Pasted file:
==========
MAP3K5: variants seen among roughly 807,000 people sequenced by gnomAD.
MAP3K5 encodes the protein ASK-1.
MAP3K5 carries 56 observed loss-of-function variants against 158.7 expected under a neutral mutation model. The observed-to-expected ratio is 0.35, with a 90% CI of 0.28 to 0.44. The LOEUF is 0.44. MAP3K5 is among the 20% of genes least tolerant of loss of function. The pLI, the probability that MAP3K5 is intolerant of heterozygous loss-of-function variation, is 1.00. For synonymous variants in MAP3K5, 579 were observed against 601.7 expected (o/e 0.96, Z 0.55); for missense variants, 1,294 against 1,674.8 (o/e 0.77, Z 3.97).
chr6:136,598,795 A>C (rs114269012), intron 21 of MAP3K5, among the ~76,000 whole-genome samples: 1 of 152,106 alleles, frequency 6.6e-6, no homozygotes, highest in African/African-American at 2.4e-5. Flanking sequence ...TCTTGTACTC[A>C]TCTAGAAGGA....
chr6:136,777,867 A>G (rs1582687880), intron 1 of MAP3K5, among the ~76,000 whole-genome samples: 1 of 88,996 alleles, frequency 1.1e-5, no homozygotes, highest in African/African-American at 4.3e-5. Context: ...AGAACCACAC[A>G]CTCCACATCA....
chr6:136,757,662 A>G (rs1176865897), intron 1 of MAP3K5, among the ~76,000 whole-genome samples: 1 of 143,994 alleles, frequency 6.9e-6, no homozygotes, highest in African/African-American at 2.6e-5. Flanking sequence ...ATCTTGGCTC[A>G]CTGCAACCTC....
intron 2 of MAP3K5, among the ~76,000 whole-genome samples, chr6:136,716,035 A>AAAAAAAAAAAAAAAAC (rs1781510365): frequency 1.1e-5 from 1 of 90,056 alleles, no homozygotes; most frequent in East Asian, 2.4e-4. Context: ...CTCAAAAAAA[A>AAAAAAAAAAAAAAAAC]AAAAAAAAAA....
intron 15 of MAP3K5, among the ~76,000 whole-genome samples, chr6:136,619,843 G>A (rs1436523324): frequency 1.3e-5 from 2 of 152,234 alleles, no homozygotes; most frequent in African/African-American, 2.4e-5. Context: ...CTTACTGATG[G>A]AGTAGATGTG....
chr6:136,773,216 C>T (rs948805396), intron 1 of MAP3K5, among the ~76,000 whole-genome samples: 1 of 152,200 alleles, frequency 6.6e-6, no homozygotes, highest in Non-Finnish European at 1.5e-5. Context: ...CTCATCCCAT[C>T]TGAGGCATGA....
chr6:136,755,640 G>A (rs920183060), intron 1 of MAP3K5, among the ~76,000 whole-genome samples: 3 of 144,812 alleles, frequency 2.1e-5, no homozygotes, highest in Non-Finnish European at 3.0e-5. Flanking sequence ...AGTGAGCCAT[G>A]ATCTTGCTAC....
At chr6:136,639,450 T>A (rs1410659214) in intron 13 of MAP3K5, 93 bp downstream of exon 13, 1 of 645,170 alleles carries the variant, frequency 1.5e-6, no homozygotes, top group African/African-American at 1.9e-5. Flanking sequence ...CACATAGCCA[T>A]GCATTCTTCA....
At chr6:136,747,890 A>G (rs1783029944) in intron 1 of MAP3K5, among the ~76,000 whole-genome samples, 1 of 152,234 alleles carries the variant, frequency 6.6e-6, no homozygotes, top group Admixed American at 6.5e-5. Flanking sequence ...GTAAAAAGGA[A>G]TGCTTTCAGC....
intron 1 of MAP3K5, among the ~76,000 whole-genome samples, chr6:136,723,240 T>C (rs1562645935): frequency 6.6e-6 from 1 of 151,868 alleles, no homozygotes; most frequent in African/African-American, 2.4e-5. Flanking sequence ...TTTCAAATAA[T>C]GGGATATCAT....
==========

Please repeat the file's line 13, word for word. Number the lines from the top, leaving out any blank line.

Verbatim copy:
intron 1 of MAP3K5, among the ~76,000 whole-genome samples, chr6:136,723,240 T>C (rs1562645935): frequency 6.6e-6 from 1 of 151,868 alleles, no homozygotes; most frequent in African/African-American, 2.4e-5. Flanking sequence ...TTTCAAATAA[T>C]GGGATATCAT....